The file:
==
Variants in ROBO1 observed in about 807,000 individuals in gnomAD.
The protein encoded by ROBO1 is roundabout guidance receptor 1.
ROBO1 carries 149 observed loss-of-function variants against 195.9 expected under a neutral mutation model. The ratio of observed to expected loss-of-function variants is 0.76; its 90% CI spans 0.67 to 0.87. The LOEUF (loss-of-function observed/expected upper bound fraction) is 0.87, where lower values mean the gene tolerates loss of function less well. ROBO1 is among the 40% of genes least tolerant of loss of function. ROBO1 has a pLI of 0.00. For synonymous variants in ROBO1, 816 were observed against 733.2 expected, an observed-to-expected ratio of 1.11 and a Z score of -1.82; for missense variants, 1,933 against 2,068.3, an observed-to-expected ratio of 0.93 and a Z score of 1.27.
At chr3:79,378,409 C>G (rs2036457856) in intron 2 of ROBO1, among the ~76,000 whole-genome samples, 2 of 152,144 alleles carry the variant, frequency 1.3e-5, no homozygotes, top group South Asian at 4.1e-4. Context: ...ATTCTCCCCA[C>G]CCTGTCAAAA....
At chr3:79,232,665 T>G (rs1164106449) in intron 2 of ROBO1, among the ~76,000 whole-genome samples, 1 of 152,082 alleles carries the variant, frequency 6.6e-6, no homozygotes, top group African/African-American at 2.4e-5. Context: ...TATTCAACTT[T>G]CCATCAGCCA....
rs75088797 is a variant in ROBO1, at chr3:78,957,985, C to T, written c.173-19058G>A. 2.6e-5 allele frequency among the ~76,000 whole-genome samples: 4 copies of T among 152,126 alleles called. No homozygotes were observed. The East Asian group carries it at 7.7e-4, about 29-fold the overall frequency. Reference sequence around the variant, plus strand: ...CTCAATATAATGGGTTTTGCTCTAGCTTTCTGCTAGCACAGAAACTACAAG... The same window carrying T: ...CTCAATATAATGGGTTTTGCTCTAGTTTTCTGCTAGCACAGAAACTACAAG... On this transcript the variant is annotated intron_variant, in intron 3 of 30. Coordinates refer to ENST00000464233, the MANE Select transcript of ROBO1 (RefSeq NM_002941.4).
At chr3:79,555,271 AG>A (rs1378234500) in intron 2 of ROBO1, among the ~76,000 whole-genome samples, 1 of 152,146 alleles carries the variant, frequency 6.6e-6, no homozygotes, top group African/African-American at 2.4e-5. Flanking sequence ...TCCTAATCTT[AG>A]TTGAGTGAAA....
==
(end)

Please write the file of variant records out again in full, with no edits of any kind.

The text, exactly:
Variants in ROBO1 observed in about 807,000 individuals in gnomAD.
The protein encoded by ROBO1 is roundabout guidance receptor 1.
ROBO1 carries 149 observed loss-of-function variants against 195.9 expected under a neutral mutation model. The ratio of observed to expected loss-of-function variants is 0.76; its 90% CI spans 0.67 to 0.87. The LOEUF (loss-of-function observed/expected upper bound fraction) is 0.87, where lower values mean the gene tolerates loss of function less well. ROBO1 is among the 40% of genes least tolerant of loss of function. ROBO1 has a pLI of 0.00. For synonymous variants in ROBO1, 816 were observed against 733.2 expected, an observed-to-expected ratio of 1.11 and a Z score of -1.82; for missense variants, 1,933 against 2,068.3, an observed-to-expected ratio of 0.93 and a Z score of 1.27.
At chr3:79,378,409 C>G (rs2036457856) in intron 2 of ROBO1, among the ~76,000 whole-genome samples, 2 of 152,144 alleles carry the variant, frequency 1.3e-5, no homozygotes, top group South Asian at 4.1e-4. Context: ...ATTCTCCCCA[C>G]CCTGTCAAAA....
At chr3:79,232,665 T>G (rs1164106449) in intron 2 of ROBO1, among the ~76,000 whole-genome samples, 1 of 152,082 alleles carries the variant, frequency 6.6e-6, no homozygotes, top group African/African-American at 2.4e-5. Context: ...TATTCAACTT[T>G]CCATCAGCCA....
rs75088797 is a variant in ROBO1, at chr3:78,957,985, C to T, written c.173-19058G>A. 2.6e-5 allele frequency among the ~76,000 whole-genome samples: 4 copies of T among 152,126 alleles called. No homozygotes were observed. The East Asian group carries it at 7.7e-4, about 29-fold the overall frequency. Reference sequence around the variant, plus strand: ...CTCAATATAATGGGTTTTGCTCTAGCTTTCTGCTAGCACAGAAACTACAAG... The same window carrying T: ...CTCAATATAATGGGTTTTGCTCTAGTTTTCTGCTAGCACAGAAACTACAAG... On this transcript the variant is annotated intron_variant, in intron 3 of 30. Coordinates refer to ENST00000464233, the MANE Select transcript of ROBO1 (RefSeq NM_002941.4).
At chr3:79,555,271 AG>A (rs1378234500) in intron 2 of ROBO1, among the ~76,000 whole-genome samples, 1 of 152,146 alleles carries the variant, frequency 6.6e-6, no homozygotes, top group African/African-American at 2.4e-5. Flanking sequence ...TCCTAATCTT[AG>A]TTGAGTGAAA....